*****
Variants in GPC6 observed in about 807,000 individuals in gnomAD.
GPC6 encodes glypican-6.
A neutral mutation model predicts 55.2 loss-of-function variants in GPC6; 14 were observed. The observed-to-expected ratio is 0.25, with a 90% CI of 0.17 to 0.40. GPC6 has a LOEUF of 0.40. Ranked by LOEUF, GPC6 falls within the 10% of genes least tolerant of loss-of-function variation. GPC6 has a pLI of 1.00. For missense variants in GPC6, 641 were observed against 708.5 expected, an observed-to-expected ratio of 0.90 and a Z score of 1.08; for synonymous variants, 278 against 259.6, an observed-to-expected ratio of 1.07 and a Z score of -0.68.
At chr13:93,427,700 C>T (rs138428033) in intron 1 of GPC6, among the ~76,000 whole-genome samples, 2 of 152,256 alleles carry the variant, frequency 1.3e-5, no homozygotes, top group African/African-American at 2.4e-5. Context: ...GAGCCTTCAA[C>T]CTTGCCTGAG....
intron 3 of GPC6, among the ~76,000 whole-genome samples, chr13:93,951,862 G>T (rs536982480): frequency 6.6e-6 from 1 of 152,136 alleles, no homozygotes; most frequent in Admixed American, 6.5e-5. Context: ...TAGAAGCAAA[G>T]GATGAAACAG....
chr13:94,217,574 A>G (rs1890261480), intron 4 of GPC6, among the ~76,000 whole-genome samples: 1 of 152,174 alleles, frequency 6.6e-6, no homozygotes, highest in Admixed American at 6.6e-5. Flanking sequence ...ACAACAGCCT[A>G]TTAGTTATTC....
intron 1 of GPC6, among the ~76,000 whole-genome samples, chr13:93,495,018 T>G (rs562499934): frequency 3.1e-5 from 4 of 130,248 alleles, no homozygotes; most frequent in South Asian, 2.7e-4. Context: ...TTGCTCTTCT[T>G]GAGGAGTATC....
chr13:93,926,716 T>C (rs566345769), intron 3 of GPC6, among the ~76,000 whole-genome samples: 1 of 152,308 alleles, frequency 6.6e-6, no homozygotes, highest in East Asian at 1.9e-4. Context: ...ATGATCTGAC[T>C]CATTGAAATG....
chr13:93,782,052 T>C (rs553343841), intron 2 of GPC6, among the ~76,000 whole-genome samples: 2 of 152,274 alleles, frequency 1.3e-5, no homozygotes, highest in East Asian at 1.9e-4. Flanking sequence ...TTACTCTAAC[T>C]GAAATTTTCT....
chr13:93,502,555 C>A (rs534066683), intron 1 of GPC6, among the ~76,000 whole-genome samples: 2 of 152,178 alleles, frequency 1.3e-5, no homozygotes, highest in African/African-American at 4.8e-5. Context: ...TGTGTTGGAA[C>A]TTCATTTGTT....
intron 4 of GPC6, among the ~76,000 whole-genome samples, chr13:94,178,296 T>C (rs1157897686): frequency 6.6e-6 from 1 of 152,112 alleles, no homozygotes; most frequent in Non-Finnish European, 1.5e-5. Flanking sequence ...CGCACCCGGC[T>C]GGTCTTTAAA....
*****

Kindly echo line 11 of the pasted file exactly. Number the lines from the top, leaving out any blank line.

intron 4 of GPC6, among the ~76,000 whole-genome samples, chr13:94,178,296 T>C (rs1157897686): frequency 6.6e-6 from 1 of 152,112 alleles, no homozygotes; most frequent in Non-Finnish European, 1.5e-5. Flanking sequence ...CGCACCCGGC[T>C]GGTCTTTAAA....